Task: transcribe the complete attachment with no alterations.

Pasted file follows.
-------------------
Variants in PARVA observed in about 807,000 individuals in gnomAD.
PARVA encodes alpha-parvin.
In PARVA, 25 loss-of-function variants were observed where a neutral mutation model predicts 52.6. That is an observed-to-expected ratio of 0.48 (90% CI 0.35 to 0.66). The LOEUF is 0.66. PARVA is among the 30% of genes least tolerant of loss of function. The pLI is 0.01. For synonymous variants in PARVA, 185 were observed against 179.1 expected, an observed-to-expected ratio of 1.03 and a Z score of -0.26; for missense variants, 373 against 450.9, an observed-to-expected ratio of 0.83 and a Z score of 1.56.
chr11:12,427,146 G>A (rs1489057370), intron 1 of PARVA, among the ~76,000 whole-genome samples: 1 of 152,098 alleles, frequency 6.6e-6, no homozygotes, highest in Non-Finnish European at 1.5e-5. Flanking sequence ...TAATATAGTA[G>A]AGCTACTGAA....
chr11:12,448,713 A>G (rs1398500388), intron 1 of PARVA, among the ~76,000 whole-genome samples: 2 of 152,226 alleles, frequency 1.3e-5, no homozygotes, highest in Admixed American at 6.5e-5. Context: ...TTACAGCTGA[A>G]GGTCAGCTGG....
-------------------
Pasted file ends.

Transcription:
Variants in PARVA observed in about 807,000 individuals in gnomAD.
PARVA encodes alpha-parvin.
In PARVA, 25 loss-of-function variants were observed where a neutral mutation model predicts 52.6. That is an observed-to-expected ratio of 0.48 (90% CI 0.35 to 0.66). The LOEUF is 0.66. PARVA is among the 30% of genes least tolerant of loss of function. The pLI is 0.01. For synonymous variants in PARVA, 185 were observed against 179.1 expected, an observed-to-expected ratio of 1.03 and a Z score of -0.26; for missense variants, 373 against 450.9, an observed-to-expected ratio of 0.83 and a Z score of 1.56.
chr11:12,427,146 G>A (rs1489057370), intron 1 of PARVA, among the ~76,000 whole-genome samples: 1 of 152,098 alleles, frequency 6.6e-6, no homozygotes, highest in Non-Finnish European at 1.5e-5. Flanking sequence ...TAATATAGTA[G>A]AGCTACTGAA....
chr11:12,448,713 A>G (rs1398500388), intron 1 of PARVA, among the ~76,000 whole-genome samples: 2 of 152,226 alleles, frequency 1.3e-5, no homozygotes, highest in Admixed American at 6.5e-5. Context: ...TTACAGCTGA[A>G]GGTCAGCTGG....